More than 40% of UK Gamers Hit by Cyberattacks
Poor cybersecurity procedures are common among gamers in the United Kingdom, leaving them exposed to cyberattacks.
According to a new survey by NortonLifeLock, 42% of UK gamers have had their gaming account or device the victim of a cyberattack, according to Info Security Magazine.
Attacks on gaming devices that result in in-game digital currency, characters or other stuff being taken are the most common, accounting for 20 percent of all cyber-attacks against gamers, according to the Ponemon Institute (12%). Over three-quarters (78%) of those who had an attack said they had been financially impacted, with an average loss of £145 per person.
Doxxing is a practice in which a person's personal information is taken and then made available to the public online, according to nearly one-fifth (19%) of serious gamers.
The study of 700 UK people who play online games revealed some disturbing trends in cyber hazards experienced by other gamers. 28% of those polled acknowledged to considering hacking the gaming account of a friend, family member, or love partner if doing so would give them an edge in a game of chance. A whopping 48% of gamers who identify as "hardcore" agreed with this statement.
Gamers employ hackers to obtain an advantage on their gaming accounts or devices
The survey also found that 43% of UK gamers stated they are at least somewhat likely to take advantage of an exploit in a game. About a third (34%), 30% (30%, and 29%, respectively) of those polled acknowledged to installing hacks on their gaming accounts or devices, while 29% said they would pay to gain control of a user's gaming account.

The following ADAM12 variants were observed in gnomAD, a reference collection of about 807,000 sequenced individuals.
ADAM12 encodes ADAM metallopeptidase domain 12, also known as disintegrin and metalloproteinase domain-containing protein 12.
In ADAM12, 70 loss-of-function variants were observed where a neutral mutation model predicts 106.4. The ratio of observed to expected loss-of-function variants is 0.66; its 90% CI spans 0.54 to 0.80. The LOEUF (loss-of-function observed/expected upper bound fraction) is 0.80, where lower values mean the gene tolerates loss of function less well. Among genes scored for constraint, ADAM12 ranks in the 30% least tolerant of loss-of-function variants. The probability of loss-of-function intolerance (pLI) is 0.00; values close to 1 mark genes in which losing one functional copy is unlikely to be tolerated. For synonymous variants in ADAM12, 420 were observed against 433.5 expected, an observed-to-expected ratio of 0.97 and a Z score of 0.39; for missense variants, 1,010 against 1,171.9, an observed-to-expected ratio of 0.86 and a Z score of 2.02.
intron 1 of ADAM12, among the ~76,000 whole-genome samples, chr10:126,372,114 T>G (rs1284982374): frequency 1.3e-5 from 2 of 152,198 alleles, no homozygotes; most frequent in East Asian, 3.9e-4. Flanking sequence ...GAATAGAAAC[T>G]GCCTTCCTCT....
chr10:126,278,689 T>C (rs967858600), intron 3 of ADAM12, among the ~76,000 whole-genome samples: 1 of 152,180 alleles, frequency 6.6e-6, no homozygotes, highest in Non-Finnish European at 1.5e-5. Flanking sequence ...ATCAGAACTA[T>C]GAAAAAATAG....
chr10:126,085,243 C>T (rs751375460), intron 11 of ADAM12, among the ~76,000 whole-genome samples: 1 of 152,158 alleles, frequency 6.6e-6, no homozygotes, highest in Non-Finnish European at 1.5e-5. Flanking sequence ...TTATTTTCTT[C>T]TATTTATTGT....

The survey also found that gamers in the UK had inadequate cybersecurity procedures, which makes them more exposed to attacks. More than half of gamers, for example, use the same username and password across multiple gaming accounts. 37% have given personal information like names and birthdays while playing a game on the internet, 38% have downloaded a cheaper or free version of a game and 30% have downloaded add-ons from a website not affiliated with the distributor.
Armin Buescher, technical director at NortonLifeLock stated, “Scammers know that – for both experienced and casual gamers – cheats, skins and limited edition items are highly sought after." [...] “Offering these competitive boosts is a perfect opportunity to share malicious links or trick gamers into downloading malware that, if successful, can rob players of their gaming profile, personal information or more. Having security that specifically helps protect against these threats can give players peace of mind so they can focus on the enjoyment of the game itself.”